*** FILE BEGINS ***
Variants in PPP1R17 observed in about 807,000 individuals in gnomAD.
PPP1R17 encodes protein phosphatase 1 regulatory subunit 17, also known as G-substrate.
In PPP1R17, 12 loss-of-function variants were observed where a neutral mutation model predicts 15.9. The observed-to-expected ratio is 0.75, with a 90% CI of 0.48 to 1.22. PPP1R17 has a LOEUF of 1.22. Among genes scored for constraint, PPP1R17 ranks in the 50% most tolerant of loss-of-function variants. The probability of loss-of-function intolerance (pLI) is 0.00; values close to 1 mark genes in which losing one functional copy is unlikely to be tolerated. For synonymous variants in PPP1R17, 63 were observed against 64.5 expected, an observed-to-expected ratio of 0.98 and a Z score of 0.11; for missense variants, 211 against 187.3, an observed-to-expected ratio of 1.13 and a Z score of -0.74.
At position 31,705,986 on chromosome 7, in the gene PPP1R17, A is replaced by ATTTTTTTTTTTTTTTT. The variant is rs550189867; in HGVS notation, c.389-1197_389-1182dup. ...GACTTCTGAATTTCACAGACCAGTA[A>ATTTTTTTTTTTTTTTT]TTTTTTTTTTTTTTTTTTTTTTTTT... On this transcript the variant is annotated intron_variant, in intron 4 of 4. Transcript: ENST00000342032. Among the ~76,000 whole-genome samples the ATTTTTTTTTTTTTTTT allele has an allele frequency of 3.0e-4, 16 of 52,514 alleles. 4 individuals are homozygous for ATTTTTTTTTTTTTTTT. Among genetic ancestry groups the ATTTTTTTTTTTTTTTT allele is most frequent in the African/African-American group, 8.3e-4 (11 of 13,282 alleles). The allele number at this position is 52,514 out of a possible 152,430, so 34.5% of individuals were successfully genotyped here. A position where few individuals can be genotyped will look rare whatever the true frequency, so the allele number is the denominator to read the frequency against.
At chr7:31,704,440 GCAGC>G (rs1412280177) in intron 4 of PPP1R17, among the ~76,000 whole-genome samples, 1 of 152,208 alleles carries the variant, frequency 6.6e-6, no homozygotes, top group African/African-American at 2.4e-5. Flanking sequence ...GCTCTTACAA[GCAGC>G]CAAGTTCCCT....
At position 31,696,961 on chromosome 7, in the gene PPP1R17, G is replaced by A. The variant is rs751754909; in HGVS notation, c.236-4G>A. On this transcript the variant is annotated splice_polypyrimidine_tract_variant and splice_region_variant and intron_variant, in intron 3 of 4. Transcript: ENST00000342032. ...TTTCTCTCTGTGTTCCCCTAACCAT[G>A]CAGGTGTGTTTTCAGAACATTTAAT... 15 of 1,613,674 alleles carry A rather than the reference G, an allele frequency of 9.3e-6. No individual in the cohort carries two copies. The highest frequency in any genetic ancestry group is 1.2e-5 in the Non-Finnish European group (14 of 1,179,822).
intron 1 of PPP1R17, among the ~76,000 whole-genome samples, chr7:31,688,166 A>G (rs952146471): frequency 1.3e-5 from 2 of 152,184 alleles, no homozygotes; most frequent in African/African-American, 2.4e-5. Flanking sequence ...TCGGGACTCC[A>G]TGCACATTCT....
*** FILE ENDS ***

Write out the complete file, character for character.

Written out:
Variants in PPP1R17 observed in about 807,000 individuals in gnomAD.
PPP1R17 encodes protein phosphatase 1 regulatory subunit 17, also known as G-substrate.
In PPP1R17, 12 loss-of-function variants were observed where a neutral mutation model predicts 15.9. The observed-to-expected ratio is 0.75, with a 90% CI of 0.48 to 1.22. PPP1R17 has a LOEUF of 1.22. Among genes scored for constraint, PPP1R17 ranks in the 50% most tolerant of loss-of-function variants. The probability of loss-of-function intolerance (pLI) is 0.00; values close to 1 mark genes in which losing one functional copy is unlikely to be tolerated. For synonymous variants in PPP1R17, 63 were observed against 64.5 expected, an observed-to-expected ratio of 0.98 and a Z score of 0.11; for missense variants, 211 against 187.3, an observed-to-expected ratio of 1.13 and a Z score of -0.74.
At position 31,705,986 on chromosome 7, in the gene PPP1R17, A is replaced by ATTTTTTTTTTTTTTTT. The variant is rs550189867; in HGVS notation, c.389-1197_389-1182dup. ...GACTTCTGAATTTCACAGACCAGTA[A>ATTTTTTTTTTTTTTTT]TTTTTTTTTTTTTTTTTTTTTTTTT... On this transcript the variant is annotated intron_variant, in intron 4 of 4. Transcript: ENST00000342032. Among the ~76,000 whole-genome samples the ATTTTTTTTTTTTTTTT allele has an allele frequency of 3.0e-4, 16 of 52,514 alleles. 4 individuals are homozygous for ATTTTTTTTTTTTTTTT. Among genetic ancestry groups the ATTTTTTTTTTTTTTTT allele is most frequent in the African/African-American group, 8.3e-4 (11 of 13,282 alleles). The allele number at this position is 52,514 out of a possible 152,430, so 34.5% of individuals were successfully genotyped here. A position where few individuals can be genotyped will look rare whatever the true frequency, so the allele number is the denominator to read the frequency against.
At chr7:31,704,440 GCAGC>G (rs1412280177) in intron 4 of PPP1R17, among the ~76,000 whole-genome samples, 1 of 152,208 alleles carries the variant, frequency 6.6e-6, no homozygotes, top group African/African-American at 2.4e-5. Flanking sequence ...GCTCTTACAA[GCAGC>G]CAAGTTCCCT....
At position 31,696,961 on chromosome 7, in the gene PPP1R17, G is replaced by A. The variant is rs751754909; in HGVS notation, c.236-4G>A. On this transcript the variant is annotated splice_polypyrimidine_tract_variant and splice_region_variant and intron_variant, in intron 3 of 4. Transcript: ENST00000342032. ...TTTCTCTCTGTGTTCCCCTAACCAT[G>A]CAGGTGTGTTTTCAGAACATTTAAT... 15 of 1,613,674 alleles carry A rather than the reference G, an allele frequency of 9.3e-6. No individual in the cohort carries two copies. The highest frequency in any genetic ancestry group is 1.2e-5 in the Non-Finnish European group (14 of 1,179,822).
intron 1 of PPP1R17, among the ~76,000 whole-genome samples, chr7:31,688,166 A>G (rs952146471): frequency 1.3e-5 from 2 of 152,184 alleles, no homozygotes; most frequent in African/African-American, 2.4e-5. Flanking sequence ...TCGGGACTCC[A>G]TGCACATTCT....